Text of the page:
It will not be so much order, order as press to unmute as the British parliament sits virtually for the first time in its 700-year history on Tuesday.
Some MPs will sit on the green seats of the chamber while others will join in on Zoom video conferencing app under what has been described as a “hybrid” system.
Only 50 MPs will be allowed inside the House of Commons at a time under strict social distancing rules with Speaker Lindsey Hoyle who will be orchestrating proceedings on screens.
Parliament, both the House of Commons and the House of Lords, will only sit three days a week under the new arrangement.
And while Prime Ministers Questions, Ministerial Questions and other functions of parliament are to continue as normally as possible, Westminster is expected to lose some of its knock-about theatrics as it moves into the virtual realm.
Quick interventions and supplementary questions, part of the normal drama of the house which give spontaneity to proceedings, will be impossible because of all of the planning needed to hold the virtual sessions.
Crucially, it is yet to be agreed upon as to how members will carry out their principal function of voting. Famously resistant to technology, in the past British parliament has eschewed digital voting in any form and members have always had to vote in person or by proxy.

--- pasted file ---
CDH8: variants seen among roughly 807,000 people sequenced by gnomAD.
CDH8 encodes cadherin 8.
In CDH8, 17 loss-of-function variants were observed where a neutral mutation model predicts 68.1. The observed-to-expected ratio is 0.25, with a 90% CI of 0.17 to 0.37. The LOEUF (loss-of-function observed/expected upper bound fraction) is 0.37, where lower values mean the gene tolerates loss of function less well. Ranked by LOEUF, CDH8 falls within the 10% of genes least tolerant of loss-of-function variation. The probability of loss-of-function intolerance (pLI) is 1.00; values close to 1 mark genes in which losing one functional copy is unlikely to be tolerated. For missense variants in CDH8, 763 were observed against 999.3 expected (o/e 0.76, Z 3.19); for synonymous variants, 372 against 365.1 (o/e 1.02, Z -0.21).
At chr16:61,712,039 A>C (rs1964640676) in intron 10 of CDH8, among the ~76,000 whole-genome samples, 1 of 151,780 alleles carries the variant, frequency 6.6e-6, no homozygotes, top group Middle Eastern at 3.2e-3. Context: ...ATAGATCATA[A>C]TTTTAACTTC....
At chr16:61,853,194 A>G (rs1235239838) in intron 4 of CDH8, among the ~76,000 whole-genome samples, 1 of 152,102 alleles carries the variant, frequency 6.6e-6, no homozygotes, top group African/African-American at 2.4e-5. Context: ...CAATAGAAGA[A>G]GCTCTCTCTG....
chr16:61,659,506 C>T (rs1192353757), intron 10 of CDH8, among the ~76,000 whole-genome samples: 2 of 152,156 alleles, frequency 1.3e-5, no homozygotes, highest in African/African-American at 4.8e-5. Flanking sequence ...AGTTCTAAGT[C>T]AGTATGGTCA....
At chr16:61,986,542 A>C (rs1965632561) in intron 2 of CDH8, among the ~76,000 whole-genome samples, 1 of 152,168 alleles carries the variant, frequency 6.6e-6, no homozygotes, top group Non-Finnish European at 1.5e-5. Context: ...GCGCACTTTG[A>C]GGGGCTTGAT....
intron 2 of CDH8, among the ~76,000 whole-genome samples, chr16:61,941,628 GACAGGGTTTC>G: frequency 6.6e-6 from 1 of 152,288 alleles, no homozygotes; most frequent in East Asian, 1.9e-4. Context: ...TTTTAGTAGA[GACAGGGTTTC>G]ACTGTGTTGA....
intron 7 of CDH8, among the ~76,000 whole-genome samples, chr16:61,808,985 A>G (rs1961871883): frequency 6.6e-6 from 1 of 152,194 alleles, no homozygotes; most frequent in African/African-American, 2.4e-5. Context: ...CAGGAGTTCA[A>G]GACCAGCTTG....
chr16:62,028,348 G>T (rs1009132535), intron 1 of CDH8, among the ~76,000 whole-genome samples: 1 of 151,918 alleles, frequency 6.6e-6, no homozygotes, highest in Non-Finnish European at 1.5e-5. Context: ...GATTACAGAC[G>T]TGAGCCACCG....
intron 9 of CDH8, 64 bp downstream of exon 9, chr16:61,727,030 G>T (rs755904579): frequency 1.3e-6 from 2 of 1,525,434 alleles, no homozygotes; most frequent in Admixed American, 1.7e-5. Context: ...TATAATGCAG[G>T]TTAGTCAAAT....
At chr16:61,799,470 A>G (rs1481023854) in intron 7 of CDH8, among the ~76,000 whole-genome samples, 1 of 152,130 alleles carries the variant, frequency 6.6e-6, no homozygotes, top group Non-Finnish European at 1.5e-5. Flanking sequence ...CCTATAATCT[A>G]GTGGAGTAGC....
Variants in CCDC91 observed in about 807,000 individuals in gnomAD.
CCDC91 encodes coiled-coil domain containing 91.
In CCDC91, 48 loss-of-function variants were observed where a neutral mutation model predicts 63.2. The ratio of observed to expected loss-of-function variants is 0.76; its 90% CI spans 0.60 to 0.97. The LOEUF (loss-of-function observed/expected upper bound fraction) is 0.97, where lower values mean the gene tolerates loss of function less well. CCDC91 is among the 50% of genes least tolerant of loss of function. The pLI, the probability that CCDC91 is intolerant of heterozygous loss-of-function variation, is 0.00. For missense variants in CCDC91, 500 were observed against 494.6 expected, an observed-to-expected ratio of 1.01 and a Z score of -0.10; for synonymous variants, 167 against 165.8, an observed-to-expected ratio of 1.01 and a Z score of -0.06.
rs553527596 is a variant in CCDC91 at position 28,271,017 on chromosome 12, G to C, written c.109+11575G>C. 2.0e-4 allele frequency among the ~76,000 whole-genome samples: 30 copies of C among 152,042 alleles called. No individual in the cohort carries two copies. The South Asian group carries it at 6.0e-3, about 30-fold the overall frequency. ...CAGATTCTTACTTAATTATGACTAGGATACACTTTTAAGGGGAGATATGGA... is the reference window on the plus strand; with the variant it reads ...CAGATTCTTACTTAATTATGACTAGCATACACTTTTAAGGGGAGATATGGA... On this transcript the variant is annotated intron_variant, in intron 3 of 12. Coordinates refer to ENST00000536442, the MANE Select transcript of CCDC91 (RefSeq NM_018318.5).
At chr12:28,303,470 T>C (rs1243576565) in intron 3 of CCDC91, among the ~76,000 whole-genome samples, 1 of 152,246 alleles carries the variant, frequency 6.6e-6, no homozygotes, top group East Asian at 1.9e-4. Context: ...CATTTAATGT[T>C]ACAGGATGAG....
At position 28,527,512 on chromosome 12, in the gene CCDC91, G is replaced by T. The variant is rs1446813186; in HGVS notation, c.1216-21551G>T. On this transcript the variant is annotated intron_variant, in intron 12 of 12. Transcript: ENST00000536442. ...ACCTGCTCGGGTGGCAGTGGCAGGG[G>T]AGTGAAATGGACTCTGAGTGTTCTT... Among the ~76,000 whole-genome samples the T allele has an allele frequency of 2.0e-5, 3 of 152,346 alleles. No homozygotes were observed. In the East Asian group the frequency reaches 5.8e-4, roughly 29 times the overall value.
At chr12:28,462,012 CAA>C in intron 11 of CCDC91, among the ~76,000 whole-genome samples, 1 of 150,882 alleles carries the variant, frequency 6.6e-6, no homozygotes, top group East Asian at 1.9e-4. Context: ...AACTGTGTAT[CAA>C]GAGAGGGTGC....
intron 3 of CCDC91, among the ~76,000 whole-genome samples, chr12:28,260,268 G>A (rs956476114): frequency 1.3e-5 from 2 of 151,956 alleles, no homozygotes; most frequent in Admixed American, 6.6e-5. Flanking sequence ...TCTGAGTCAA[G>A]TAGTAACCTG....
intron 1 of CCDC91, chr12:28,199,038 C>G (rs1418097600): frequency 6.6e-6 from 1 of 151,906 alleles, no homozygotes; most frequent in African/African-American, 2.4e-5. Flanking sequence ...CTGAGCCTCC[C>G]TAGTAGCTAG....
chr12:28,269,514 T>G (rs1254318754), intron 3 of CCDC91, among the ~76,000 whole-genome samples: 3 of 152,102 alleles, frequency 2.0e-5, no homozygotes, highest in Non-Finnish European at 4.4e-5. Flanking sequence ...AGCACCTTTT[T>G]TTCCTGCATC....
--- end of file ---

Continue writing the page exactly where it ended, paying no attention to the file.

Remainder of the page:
Already the e-format for parliament has been trialled in committee hearings. On Friday, UK Health Secretary Matt Hancock faced the first video conference Health Select Committee as he was grilled by MPs from their homes.
Foreign Secretary Dominic Raab is expected to field the first virtual Prime Ministers Questions on Wednesday as Boris Johnson continues to rest during his recovery from his own illness with the coronavirus.
After being discharged from hospital over one week ago, Mr Johnson has been receiving daily updates on the UK’s covid-19 response. However, he has not returned to his duties as prime minister.
In parliament, the government faces serious questions over its handling of the virus, including its procurement of personal protective equipment for health workers.
The country’s new opposition leader Keir Starmer, from the centre-left Labour Party, is expected to press Mr Johnson’s administration for answers on its handling of the public health crisis.